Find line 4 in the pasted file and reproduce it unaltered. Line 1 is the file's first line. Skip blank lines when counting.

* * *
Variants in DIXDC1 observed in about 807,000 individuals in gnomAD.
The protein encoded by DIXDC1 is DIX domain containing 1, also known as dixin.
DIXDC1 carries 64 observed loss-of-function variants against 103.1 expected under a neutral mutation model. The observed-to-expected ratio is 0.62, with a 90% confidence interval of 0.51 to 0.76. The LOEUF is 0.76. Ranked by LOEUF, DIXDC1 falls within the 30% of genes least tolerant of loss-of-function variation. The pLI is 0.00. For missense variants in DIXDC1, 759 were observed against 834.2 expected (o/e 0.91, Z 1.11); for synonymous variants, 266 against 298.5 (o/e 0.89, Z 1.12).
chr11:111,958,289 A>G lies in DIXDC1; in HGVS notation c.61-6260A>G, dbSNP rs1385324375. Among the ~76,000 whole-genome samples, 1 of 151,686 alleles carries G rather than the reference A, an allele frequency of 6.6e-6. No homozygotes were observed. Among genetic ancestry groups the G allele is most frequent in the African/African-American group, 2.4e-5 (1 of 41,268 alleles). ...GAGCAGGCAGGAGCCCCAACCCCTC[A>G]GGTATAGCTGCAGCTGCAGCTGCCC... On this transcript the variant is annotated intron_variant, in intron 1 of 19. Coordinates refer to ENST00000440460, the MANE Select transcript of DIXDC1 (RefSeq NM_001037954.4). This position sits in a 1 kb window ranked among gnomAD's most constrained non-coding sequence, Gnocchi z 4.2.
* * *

chr11:111,958,289 A>G lies in DIXDC1; in HGVS notation c.61-6260A>G, dbSNP rs1385324375. Among the ~76,000 whole-genome samples, 1 of 151,686 alleles carries G rather than the reference A, an allele frequency of 6.6e-6. No homozygotes were observed. Among genetic ancestry groups the G allele is most frequent in the African/African-American group, 2.4e-5 (1 of 41,268 alleles). ...GAGCAGGCAGGAGCCCCAACCCCTC[A>G]GGTATAGCTGCAGCTGCAGCTGCCC... On this transcript the variant is annotated intron_variant, in intron 1 of 19. Coordinates refer to ENST00000440460, the MANE Select transcript of DIXDC1 (RefSeq NM_001037954.4). This position sits in a 1 kb window ranked among gnomAD's most constrained non-coding sequence, Gnocchi z 4.2.